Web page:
Half a croissant, on a plate, with a sign in front of it saying '50c'
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Branding Keys Typewriter

type up a lasting impression
  [vote for,

Branding Keys Typewriter is a manual typewriter that types without using ink, burning the letters unto the paper instead.

This is possible because the individual letter forms all contain miniature heating elements that make them glow red hot. This means that instead of making an ink impression on the paper when typing, they each brand a tiny letter form unto its surface immediately on impact.

A dampness control mechanism, fed by a small reservoir, ensures that the paper never catches fire. The energy to heat the keys comes via a foot treadle (similar to that of a manual sewing machine) connected to a simple generator.

You must use your branding typewriter carefully as mistakes are impossible to correct, but the results are worth the investment and additional effort.

xenzag, Dec 24 2019

Type Metal https://en.wikipedia.org/wiki/Type_metal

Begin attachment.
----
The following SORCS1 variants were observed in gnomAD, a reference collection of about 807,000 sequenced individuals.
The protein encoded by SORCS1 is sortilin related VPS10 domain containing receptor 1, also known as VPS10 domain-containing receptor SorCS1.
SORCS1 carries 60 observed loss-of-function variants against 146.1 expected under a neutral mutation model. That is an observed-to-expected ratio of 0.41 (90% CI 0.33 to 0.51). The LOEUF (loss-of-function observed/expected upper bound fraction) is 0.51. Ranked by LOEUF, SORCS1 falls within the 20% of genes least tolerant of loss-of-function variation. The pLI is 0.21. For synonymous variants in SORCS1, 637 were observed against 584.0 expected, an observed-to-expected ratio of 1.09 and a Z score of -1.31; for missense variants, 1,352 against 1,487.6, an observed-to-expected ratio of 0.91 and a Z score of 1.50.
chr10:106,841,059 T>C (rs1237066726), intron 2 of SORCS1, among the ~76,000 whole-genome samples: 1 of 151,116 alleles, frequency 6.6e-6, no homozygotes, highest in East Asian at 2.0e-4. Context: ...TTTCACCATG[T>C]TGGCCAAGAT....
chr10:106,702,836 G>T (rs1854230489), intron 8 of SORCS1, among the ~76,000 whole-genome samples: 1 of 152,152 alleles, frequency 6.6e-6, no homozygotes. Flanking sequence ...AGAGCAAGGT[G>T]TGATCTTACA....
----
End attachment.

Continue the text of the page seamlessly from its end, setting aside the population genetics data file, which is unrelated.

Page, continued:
Low-melt alloy; most durable is liquid at 330° C [8th of 7, Dec 24 2019]

the strikers are actually called type hammers https://www.explain...com/typewriter.html
[xenzag, Dec 24 2019]

A Field Guide To The North American Utility Pole https://hackaday.co...rican-utility-pole/
[Voice, Dec 26 2019]

Electricity in North America https://www.energy....rature%20Review.pdf
[Voice, Dec 26 2019]


       If the mechanism is enclosed beneath a transparent cover, the volume can be inerted with nitrogen thus removing the need for damping. The paper emerges through a slot with a silicone rubber seal, perfectly dry.
8th of 7, Dec 24 2019

       I can find no fault with this idea. Damn.
MaxwellBuchanan, Dec 24 2019

       Allow us to assist. Hint: a "golfball" wouid be much more efficient and practical than individual type bars.
8th of 7, Dec 24 2019

       Inefficiency only makes it better.
MaxwellBuchanan, Dec 24 2019

       It has to be the old manual typewriter with the individual strikers, all poised together in a perfect curve, with just the inverted letters glowing red hot ready to spring forward into action.
xenzag, Dec 24 2019

       The alloy from which the type is cast will melt and run away long before it reaches red heat.   


       A golfball machined from a radiothermal plutonium isotope would require no external energy source and would continue to operate perfectly long after the owner had expired from acute radiation sickness ...
8th of 7, Dec 24 2019

       That's for Linotype machines that use what used to be called 'hot metal' - These typewriter keys are very hard and made of some kind of toughened steel that won't be bothered by being red hot.
xenzag, Dec 24 2019